Sand in My Eye

How about something fun today?

I'm in a bad, bad mood.

In fact I may be teetering on the verge from "mood" to outright "funk."

It's that bad.

And it's all David's fault, of course.

Now he is reading that last line and I can hear him scoffing all the way from the hospital.  He is thinking, "That's outrageous!"

And it is.  (But don't tell him.)

I'm going to move on to the fun stuff in just a minute, but first, the straw that broke the camel's back.  (Because I know you are wondering.)  I went in the bathroom this morning to put Caleb's hair up for "Crazy Hair Day" and I walked through a substantial sand pile right in the middle of the floor.  I asked, "Who dumped their shoes out in the middle of the floor?"  And everyone said, "Not me." 

I know.  I was shocked too.  And if you are wondering how this is David's fault I will just remind you (as I reminded him) that he was the reason these children (and therefore, the sand pile too) exist in the first place.

I know what you're thinking.  "Wow, she can make a mountain out of a molehill  sand pile like nobody else I know."  What can I say?  It's a gift.

(Don't worry.  It's October.  I should be feeling better any day now.)

Now to the part where I make your life a little better.  Fun, right?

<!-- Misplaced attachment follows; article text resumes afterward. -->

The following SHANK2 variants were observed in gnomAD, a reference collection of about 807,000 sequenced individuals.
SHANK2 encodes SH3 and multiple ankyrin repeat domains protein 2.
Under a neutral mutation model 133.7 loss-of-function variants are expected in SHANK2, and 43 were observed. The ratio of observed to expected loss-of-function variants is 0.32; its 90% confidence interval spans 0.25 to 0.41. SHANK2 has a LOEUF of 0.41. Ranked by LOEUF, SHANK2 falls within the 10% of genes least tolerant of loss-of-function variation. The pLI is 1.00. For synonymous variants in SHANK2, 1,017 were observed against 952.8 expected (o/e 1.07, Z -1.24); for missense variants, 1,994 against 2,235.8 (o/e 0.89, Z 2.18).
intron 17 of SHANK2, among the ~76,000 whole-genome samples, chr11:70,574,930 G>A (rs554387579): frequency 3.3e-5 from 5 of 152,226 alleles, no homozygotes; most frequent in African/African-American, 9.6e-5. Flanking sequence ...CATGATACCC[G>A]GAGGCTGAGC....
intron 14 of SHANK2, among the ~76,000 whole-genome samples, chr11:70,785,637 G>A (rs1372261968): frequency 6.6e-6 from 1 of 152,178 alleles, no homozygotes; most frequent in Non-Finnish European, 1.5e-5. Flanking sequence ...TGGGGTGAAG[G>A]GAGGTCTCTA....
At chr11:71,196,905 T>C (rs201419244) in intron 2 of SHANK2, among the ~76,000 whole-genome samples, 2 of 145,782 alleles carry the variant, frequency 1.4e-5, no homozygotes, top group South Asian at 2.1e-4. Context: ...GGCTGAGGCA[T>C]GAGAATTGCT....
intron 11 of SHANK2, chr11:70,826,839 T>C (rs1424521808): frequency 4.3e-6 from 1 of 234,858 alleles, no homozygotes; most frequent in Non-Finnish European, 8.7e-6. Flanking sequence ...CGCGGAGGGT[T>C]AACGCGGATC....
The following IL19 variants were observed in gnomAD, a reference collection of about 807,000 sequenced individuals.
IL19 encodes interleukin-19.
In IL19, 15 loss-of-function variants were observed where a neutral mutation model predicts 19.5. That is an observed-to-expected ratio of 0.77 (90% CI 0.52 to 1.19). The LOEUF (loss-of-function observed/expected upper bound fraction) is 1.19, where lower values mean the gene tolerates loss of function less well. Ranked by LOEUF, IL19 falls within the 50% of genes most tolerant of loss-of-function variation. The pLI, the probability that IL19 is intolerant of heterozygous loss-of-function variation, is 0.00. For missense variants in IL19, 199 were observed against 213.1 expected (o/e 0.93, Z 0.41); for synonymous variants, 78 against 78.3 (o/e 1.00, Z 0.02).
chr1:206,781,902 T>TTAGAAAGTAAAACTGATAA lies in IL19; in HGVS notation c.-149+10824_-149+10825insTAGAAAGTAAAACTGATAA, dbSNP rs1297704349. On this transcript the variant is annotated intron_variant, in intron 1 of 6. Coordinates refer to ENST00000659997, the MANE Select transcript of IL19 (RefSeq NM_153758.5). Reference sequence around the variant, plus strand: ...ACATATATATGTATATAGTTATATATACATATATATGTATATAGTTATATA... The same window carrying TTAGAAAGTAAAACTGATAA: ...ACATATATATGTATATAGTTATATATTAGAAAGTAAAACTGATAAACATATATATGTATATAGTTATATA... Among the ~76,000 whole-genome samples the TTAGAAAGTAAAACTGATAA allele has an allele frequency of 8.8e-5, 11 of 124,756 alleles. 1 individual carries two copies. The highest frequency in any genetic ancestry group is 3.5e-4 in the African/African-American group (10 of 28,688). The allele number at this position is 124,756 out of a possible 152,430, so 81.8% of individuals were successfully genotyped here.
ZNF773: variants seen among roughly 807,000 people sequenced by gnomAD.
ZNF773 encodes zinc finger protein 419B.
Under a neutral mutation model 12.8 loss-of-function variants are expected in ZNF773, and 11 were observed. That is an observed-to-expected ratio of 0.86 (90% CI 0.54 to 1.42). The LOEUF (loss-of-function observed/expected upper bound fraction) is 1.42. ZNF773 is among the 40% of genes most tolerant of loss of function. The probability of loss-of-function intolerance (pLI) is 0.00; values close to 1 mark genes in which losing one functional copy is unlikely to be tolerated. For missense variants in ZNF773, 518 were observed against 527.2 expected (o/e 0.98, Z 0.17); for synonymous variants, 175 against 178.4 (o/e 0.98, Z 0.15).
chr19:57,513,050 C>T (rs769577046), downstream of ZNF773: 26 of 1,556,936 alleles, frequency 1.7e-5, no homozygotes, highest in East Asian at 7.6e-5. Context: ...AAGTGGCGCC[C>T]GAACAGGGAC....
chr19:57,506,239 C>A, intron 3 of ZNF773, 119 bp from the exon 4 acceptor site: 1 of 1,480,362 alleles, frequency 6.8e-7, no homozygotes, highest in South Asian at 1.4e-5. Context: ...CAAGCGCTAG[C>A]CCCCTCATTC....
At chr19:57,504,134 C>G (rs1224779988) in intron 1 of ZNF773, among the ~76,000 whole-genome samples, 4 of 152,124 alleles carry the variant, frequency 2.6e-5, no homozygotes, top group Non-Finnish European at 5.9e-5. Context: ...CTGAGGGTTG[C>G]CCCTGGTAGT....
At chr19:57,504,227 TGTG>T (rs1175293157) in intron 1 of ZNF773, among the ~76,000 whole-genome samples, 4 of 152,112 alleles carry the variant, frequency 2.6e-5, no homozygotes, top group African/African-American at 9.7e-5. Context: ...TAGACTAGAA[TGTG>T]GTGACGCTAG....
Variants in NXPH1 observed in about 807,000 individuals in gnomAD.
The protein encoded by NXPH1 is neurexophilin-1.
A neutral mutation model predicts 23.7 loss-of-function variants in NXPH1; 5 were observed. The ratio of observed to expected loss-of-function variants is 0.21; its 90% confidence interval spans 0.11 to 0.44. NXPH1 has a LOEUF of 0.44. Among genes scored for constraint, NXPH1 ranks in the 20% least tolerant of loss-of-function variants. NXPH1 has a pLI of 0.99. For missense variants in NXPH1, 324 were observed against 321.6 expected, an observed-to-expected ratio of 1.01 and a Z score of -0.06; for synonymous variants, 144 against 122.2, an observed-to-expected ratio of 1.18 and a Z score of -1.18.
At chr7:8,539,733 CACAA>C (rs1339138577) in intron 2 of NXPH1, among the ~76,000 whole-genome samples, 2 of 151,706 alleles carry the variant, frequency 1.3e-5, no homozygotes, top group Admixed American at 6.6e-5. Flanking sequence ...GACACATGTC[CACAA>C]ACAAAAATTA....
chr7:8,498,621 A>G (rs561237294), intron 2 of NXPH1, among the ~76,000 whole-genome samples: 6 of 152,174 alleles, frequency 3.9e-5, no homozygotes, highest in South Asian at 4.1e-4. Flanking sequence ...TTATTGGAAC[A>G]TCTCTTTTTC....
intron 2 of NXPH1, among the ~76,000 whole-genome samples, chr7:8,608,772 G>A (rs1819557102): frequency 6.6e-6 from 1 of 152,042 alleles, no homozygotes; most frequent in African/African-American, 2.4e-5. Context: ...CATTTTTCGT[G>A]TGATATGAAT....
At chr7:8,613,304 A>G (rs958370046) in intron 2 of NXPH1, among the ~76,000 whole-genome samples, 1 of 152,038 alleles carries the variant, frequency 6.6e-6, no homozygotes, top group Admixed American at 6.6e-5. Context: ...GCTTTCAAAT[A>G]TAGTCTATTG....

On the way to Utah last weekend, David asked me if I brought any books-on-tape.  I had.  But he wasn't interested in either of them, and so I casually mentioned that I had a bunch of "This American Life" podcasts on my ipod that we could listen to.  I've mentioned this before.  But honestly, David thinks my penchant for NPR is another of my charming character flaws, and has always declined.  But then he got a little desperate on our way out of the desert and I tempted him by saying, "There's a funny one I think you'd like."  And so he reluctantly consented.

We listened to every one of them before the trip was over.

I made a convert.

Some of them are so laugh-out-loud funny David and I just sat and hooted at each other and wiped our eyes afterwards.  Some of them are so sobering we just sat and looked at each other, our eyebrows doing all the talking.  Some of them are so informative we would have to pause the podcast and discuss our take on it, and how it made us think of something else we had to tell the other one right away.